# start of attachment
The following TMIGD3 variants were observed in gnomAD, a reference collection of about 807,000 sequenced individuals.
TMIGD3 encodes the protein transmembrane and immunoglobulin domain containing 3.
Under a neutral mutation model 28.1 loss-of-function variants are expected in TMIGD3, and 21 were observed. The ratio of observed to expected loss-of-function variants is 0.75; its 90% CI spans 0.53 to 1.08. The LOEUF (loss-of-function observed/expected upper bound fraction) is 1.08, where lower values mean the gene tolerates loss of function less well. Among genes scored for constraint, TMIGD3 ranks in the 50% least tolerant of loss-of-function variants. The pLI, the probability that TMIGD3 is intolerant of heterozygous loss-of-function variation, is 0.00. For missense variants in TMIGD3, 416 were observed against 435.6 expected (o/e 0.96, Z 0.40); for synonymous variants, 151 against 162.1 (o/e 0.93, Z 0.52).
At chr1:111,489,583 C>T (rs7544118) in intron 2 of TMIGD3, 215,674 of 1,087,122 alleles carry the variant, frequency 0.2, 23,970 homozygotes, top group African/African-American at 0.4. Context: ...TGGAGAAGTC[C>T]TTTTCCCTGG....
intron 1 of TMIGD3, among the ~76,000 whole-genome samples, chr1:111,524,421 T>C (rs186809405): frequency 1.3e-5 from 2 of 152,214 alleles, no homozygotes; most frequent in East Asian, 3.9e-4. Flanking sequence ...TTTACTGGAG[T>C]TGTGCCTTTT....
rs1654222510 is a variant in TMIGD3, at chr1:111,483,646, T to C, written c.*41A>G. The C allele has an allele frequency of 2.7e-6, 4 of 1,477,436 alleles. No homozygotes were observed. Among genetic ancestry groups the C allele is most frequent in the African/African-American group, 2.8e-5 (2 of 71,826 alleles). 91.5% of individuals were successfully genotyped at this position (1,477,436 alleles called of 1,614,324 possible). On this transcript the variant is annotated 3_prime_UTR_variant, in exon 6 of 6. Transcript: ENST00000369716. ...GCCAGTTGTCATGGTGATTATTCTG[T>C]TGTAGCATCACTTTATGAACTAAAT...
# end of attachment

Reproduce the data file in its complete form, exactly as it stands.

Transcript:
The following TMIGD3 variants were observed in gnomAD, a reference collection of about 807,000 sequenced individuals.
TMIGD3 encodes the protein transmembrane and immunoglobulin domain containing 3.
Under a neutral mutation model 28.1 loss-of-function variants are expected in TMIGD3, and 21 were observed. The ratio of observed to expected loss-of-function variants is 0.75; its 90% CI spans 0.53 to 1.08. The LOEUF (loss-of-function observed/expected upper bound fraction) is 1.08, where lower values mean the gene tolerates loss of function less well. Among genes scored for constraint, TMIGD3 ranks in the 50% least tolerant of loss-of-function variants. The pLI, the probability that TMIGD3 is intolerant of heterozygous loss-of-function variation, is 0.00. For missense variants in TMIGD3, 416 were observed against 435.6 expected (o/e 0.96, Z 0.40); for synonymous variants, 151 against 162.1 (o/e 0.93, Z 0.52).
At chr1:111,489,583 C>T (rs7544118) in intron 2 of TMIGD3, 215,674 of 1,087,122 alleles carry the variant, frequency 0.2, 23,970 homozygotes, top group African/African-American at 0.4. Context: ...TGGAGAAGTC[C>T]TTTTCCCTGG....
intron 1 of TMIGD3, among the ~76,000 whole-genome samples, chr1:111,524,421 T>C (rs186809405): frequency 1.3e-5 from 2 of 152,214 alleles, no homozygotes; most frequent in East Asian, 3.9e-4. Flanking sequence ...TTTACTGGAG[T>C]TGTGCCTTTT....
rs1654222510 is a variant in TMIGD3, at chr1:111,483,646, T to C, written c.*41A>G. The C allele has an allele frequency of 2.7e-6, 4 of 1,477,436 alleles. No homozygotes were observed. Among genetic ancestry groups the C allele is most frequent in the African/African-American group, 2.8e-5 (2 of 71,826 alleles). 91.5% of individuals were successfully genotyped at this position (1,477,436 alleles called of 1,614,324 possible). On this transcript the variant is annotated 3_prime_UTR_variant, in exon 6 of 6. Transcript: ENST00000369716. ...GCCAGTTGTCATGGTGATTATTCTG[T>C]TGTAGCATCACTTTATGAACTAAAT...